Monday, December 13, 2010

I Always Have a Choice

I am taking Dr. Lisa Chu's course, "12 Days of Holiday Sanity: How To Stay Sane In The Midst Of Holiday Craziness" not because I am crazed by the holidays, but because Lisa teaches me something new each day that I will use all year long.  Today, the first day of the course, is a good example.  I have a friend who would say periodically to me, "You don't really have a choice".  I hate that phrase because you may not be able to do the particular action you wanted to do, but you have a choice in how you react and that makes all the difference in feeling, as Lisa says, "empowered".  I actually hate it when somebody tells me I can't do something, but that's a whole other post.
I have included a snipet from today’s lesson with Lisa.  Missing is the video and the worksheet that comes with it (I don’t want to give away everything).  If you are interested in signing up for her course, go to:


There are two different energies to this affirmation, "I always have a choice."
1. Energy of Empowerment. There is power in taking responsibility for YOUR choices, and only your choices. There is relief in knowing that you ONLY have responsibility for your choices, not the ones made by other people, no matter how much they love you or how much authority they have in your mind. Connect with your own power to choose.
2. Energy of Gentleness and Kindness. There is also a softness in the recognition that no matter what situation you find yourself in, no matter how far you have gone down one path, no matter what choices you have made in the past, you have the opportunity to make another choice. As long as you are alive and breathing, every new breath gives you a fresh opportunity to forgive yourself and choose again. Connect with your own gentleness and kindness toward yourself, and make another choice.
Throughout this course, you will be exploring various aspects of CHOICE. You will be creating opportunities to make new choices, and also observing the unconscious choices you're already making. All of it is designed to help you honor yourself more deeply through the choices you can always make, in each moment.
And activity!
Here's an activity to help you with a common source of overwhelm, not only at the holidays but throughout the year: our "To Do" lists.
Download the worksheet (upper right corner of this page) and follow along. You should probably set aside 15 to 30 minutes for this exercise, again choosing a quiet space where you won't be interrupted.
  • Choose a timeframe for your "Have To Do" list (today, this week, this holiday season, or whenever). It doesn't matter what timeframe you choose! Anything will work.
  • First, write down all the activities you think you have to do. Just let all your ideas come out, without editing or thinking too much about them.
  • Now, take a few deep breaths and return to each item on the list, starting with the ones you feel most reluctant about, or are maybe even dreading.
  • Ask yourself, "Is it true?" Do you really "have to" do this? Write down the "Yes" or "No" answer that comes to mind first.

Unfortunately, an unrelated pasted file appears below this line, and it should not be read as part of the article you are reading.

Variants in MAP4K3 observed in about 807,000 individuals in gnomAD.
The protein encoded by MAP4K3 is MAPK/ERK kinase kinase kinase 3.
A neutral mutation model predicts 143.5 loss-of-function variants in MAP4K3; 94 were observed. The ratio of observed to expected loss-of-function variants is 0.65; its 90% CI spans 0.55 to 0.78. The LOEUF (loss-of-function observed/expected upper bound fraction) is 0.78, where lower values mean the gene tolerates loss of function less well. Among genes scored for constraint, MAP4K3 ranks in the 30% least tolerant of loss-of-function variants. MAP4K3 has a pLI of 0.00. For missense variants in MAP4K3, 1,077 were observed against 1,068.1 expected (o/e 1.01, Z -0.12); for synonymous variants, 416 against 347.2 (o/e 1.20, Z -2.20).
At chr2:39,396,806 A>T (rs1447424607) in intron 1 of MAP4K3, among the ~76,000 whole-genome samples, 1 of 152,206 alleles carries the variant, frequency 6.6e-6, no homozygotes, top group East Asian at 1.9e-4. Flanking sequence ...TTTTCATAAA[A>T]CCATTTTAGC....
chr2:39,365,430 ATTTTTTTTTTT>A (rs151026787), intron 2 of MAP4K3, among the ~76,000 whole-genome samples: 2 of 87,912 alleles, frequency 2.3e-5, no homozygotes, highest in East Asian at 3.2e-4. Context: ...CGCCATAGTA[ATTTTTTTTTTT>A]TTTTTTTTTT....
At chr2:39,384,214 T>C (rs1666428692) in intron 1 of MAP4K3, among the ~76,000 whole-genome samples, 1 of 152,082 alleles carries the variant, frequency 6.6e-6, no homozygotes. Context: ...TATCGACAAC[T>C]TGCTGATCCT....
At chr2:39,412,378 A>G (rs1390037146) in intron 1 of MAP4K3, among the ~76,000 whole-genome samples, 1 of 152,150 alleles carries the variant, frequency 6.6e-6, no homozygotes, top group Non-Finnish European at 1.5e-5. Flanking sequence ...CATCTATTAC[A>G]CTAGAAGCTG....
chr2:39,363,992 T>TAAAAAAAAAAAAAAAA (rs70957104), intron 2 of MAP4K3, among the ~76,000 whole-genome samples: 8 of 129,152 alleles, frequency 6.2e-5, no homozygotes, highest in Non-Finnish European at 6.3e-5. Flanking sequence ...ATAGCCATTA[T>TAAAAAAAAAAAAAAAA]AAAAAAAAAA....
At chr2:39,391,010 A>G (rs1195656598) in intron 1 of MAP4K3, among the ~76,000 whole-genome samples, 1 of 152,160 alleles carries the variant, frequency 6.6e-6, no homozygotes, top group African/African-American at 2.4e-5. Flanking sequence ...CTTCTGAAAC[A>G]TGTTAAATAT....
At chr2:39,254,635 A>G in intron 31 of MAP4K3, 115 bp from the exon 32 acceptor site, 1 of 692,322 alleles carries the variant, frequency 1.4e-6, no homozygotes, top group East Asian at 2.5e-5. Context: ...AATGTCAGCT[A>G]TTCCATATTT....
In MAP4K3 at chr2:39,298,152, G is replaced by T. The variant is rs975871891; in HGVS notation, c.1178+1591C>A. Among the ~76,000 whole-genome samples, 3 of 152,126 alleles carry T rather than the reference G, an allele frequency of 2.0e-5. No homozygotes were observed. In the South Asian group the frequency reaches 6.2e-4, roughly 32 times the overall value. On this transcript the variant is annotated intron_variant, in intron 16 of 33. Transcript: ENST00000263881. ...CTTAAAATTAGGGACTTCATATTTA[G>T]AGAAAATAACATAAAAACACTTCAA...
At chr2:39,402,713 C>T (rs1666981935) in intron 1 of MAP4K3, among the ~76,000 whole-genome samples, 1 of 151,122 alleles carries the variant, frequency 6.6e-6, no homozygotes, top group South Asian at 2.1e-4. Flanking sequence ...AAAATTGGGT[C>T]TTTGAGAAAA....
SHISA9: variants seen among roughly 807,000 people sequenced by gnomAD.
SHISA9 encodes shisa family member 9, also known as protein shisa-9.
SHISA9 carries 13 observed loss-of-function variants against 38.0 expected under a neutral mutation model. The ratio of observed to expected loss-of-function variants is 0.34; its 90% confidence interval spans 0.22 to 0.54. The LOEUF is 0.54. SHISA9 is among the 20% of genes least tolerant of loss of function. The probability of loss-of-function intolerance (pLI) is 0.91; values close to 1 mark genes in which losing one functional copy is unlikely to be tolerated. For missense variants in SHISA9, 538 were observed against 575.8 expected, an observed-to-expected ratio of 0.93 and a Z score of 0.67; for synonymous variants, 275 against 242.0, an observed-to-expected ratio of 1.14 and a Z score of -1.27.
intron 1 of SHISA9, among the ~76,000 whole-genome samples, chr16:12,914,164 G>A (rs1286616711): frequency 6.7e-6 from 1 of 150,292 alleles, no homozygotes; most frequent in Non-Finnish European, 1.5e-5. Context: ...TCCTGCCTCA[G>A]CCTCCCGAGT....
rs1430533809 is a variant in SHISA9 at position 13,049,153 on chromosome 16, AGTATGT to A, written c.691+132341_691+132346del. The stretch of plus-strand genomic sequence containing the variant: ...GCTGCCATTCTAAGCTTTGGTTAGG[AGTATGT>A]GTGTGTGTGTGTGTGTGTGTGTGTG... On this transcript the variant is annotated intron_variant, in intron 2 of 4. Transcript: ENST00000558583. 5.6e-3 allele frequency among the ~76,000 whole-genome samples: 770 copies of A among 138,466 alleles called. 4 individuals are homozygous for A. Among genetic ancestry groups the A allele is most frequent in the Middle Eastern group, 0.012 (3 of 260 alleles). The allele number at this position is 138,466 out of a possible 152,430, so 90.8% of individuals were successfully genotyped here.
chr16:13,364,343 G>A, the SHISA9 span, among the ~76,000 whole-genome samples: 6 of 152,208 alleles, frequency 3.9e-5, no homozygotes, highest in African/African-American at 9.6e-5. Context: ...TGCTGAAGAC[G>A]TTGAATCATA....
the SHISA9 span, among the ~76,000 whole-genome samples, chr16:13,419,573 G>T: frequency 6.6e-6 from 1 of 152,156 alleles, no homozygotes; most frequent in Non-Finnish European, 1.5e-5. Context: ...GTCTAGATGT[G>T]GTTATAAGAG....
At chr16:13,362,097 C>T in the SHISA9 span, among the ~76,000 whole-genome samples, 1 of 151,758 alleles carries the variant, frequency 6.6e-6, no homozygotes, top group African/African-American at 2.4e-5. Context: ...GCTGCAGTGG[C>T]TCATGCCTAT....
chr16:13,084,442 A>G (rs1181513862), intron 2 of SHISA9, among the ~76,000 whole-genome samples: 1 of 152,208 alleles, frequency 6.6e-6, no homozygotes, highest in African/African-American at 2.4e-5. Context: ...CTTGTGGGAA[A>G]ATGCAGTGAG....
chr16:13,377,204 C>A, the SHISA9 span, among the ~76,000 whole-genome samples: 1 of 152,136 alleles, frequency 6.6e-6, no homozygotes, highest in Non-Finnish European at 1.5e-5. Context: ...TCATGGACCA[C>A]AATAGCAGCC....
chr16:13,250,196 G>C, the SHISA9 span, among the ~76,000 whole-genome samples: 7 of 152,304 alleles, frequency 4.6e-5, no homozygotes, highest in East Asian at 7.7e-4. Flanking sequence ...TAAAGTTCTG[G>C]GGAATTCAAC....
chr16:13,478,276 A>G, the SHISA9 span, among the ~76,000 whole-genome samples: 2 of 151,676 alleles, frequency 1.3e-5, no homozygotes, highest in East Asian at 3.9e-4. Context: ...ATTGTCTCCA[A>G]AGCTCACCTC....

• Then ask, "Why?" What are you believing that makes you think you "have to" do this? I've provided an example in the worksheet to help you see what I mean by this. Write down all the thoughts that come to mind, without editing.
  • Next, take a breath, close your eyes and imagine yourself in vivid detail, actually doing the task as you described it. Picture the sights, sounds, smells, tastes, and textures associated with the task. How does it feel in your body? Write this down.
  • When you have completed these steps for each of the activities on your list, move on the final column of the worksheet: CHOICE.
  • Martha Beck has a clever way to remember the choices you can make on a typical "To Do" list: the 3 B's.
    • Bag It - Eliminate the task from your list. You may find, after completing this exercise, that your "Have To Do" list is actually much shorter than you originally thought. What a relief! You don't have to do everything you think! Give yourself the tremendous gift of choosing NOT to do some things.
    • Better It - For those items that you really have to do, you can make choices that will improve your experience of the task. HOW to better it is up to you. A good place to start is to think of a treat you can give yourself as a reward for completing the task, or to do the activity with a person who brings you positive energy, or even to change the location to someplace that makes you feel peaceful and joyful. You'd be surprised at how even a small, seemingly simple positive change can completely transform your experience of a mundane task. I've given you an example in the worksheet, but here's where your creativity can really serve you!
    • Barter It - Sometimes a task needs to get done, but you don't necessarily have to be the one who does it. Consider hiring someone to do it. Or trading with a friend who enjoys the task more than you do, and could use your help in another area where your strengths and joys are utilized.
Take a look at your list of choices! Acknowledge yourself for creating each and every one of these new choices.
Not only have you created a new way to experience your list of "have to do" activities, you have exercised an important muscle that you can continue to practice and use to create joy and peace throughout the new year: CHOICE.